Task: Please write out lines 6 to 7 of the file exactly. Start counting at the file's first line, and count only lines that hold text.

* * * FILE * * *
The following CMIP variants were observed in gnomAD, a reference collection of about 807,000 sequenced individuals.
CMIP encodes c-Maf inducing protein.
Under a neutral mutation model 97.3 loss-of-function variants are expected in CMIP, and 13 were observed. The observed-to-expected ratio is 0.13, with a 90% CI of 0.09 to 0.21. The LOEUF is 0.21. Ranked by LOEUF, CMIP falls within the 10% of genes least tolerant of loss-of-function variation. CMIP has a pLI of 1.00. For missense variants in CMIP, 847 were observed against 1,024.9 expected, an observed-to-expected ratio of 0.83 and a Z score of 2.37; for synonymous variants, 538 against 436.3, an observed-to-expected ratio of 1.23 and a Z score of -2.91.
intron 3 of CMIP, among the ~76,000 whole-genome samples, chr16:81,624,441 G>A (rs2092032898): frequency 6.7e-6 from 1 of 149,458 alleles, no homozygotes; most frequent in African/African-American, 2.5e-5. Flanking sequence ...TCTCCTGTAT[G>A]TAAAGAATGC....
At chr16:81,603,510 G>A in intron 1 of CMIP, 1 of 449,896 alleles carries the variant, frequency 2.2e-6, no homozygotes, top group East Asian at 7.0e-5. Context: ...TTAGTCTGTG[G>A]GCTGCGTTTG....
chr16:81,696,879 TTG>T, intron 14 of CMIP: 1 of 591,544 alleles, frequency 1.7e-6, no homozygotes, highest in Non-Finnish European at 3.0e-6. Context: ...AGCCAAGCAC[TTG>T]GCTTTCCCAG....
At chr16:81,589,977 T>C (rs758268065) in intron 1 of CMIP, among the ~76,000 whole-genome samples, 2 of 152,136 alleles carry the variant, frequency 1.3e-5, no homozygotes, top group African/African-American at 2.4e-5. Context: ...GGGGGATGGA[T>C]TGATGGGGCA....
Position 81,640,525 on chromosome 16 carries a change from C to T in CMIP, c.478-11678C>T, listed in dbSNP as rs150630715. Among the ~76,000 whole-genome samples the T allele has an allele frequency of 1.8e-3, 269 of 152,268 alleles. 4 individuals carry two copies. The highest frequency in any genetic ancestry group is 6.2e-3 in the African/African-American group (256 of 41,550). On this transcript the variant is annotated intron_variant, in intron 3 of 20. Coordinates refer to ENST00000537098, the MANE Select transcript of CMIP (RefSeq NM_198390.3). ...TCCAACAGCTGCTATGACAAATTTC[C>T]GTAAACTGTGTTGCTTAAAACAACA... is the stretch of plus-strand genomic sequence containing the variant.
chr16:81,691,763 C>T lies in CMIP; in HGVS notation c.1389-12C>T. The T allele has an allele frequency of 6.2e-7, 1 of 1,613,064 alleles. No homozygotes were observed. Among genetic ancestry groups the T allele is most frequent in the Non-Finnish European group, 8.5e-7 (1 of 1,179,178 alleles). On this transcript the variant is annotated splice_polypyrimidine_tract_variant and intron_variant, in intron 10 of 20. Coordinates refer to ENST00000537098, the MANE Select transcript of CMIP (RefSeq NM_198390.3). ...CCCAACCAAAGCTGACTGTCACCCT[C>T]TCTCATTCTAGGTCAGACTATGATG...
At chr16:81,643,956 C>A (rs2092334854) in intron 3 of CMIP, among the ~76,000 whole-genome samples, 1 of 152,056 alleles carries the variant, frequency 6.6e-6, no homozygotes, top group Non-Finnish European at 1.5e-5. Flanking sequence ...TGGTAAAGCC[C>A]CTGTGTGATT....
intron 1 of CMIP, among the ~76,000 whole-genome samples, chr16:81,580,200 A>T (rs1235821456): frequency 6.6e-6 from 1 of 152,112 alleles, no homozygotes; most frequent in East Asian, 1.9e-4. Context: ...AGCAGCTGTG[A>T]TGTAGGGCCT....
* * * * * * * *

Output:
chr16:81,696,879 TTG>T, intron 14 of CMIP: 1 of 591,544 alleles, frequency 1.7e-6, no homozygotes, highest in Non-Finnish European at 3.0e-6. Context: ...AGCCAAGCAC[TTG>T]GCTTTCCCAG....
At chr16:81,589,977 T>C (rs758268065) in intron 1 of CMIP, among the ~76,000 whole-genome samples, 2 of 152,136 alleles carry the variant, frequency 1.3e-5, no homozygotes, top group African/African-American at 2.4e-5. Context: ...GGGGGATGGA[T>C]TGATGGGGCA....